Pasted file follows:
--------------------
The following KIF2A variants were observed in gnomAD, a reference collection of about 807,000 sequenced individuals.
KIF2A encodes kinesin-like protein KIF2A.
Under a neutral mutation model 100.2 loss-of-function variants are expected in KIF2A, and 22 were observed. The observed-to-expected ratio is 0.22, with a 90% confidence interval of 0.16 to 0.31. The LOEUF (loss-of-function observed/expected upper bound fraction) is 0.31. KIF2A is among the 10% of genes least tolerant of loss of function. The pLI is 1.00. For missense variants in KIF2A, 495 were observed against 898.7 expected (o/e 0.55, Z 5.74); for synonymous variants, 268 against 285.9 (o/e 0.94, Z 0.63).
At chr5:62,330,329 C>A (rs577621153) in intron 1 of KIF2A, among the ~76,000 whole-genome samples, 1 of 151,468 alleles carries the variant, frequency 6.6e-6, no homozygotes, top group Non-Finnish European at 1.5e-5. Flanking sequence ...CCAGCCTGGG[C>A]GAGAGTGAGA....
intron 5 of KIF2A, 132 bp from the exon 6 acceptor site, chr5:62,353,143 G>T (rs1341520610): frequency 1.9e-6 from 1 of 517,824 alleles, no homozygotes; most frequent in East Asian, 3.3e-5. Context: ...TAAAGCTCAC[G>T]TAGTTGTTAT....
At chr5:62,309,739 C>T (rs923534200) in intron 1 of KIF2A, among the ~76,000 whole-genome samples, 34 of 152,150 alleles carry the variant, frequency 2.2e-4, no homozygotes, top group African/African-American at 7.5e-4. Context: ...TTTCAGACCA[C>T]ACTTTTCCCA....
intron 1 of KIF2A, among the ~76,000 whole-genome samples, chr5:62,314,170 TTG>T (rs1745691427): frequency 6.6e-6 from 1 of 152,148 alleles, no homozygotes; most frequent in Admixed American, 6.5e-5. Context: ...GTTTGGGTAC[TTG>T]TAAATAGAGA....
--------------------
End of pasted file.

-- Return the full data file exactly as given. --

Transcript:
The following KIF2A variants were observed in gnomAD, a reference collection of about 807,000 sequenced individuals.
KIF2A encodes kinesin-like protein KIF2A.
Under a neutral mutation model 100.2 loss-of-function variants are expected in KIF2A, and 22 were observed. The observed-to-expected ratio is 0.22, with a 90% confidence interval of 0.16 to 0.31. The LOEUF (loss-of-function observed/expected upper bound fraction) is 0.31. KIF2A is among the 10% of genes least tolerant of loss of function. The pLI is 1.00. For missense variants in KIF2A, 495 were observed against 898.7 expected (o/e 0.55, Z 5.74); for synonymous variants, 268 against 285.9 (o/e 0.94, Z 0.63).
At chr5:62,330,329 C>A (rs577621153) in intron 1 of KIF2A, among the ~76,000 whole-genome samples, 1 of 151,468 alleles carries the variant, frequency 6.6e-6, no homozygotes, top group Non-Finnish European at 1.5e-5. Flanking sequence ...CCAGCCTGGG[C>A]GAGAGTGAGA....
intron 5 of KIF2A, 132 bp from the exon 6 acceptor site, chr5:62,353,143 G>T (rs1341520610): frequency 1.9e-6 from 1 of 517,824 alleles, no homozygotes; most frequent in East Asian, 3.3e-5. Context: ...TAAAGCTCAC[G>T]TAGTTGTTAT....
At chr5:62,309,739 C>T (rs923534200) in intron 1 of KIF2A, among the ~76,000 whole-genome samples, 34 of 152,150 alleles carry the variant, frequency 2.2e-4, no homozygotes, top group African/African-American at 7.5e-4. Context: ...TTTCAGACCA[C>T]ACTTTTCCCA....
intron 1 of KIF2A, among the ~76,000 whole-genome samples, chr5:62,314,170 TTG>T (rs1745691427): frequency 6.6e-6 from 1 of 152,148 alleles, no homozygotes; most frequent in Admixed American, 6.5e-5. Context: ...GTTTGGGTAC[TTG>T]TAAATAGAGA....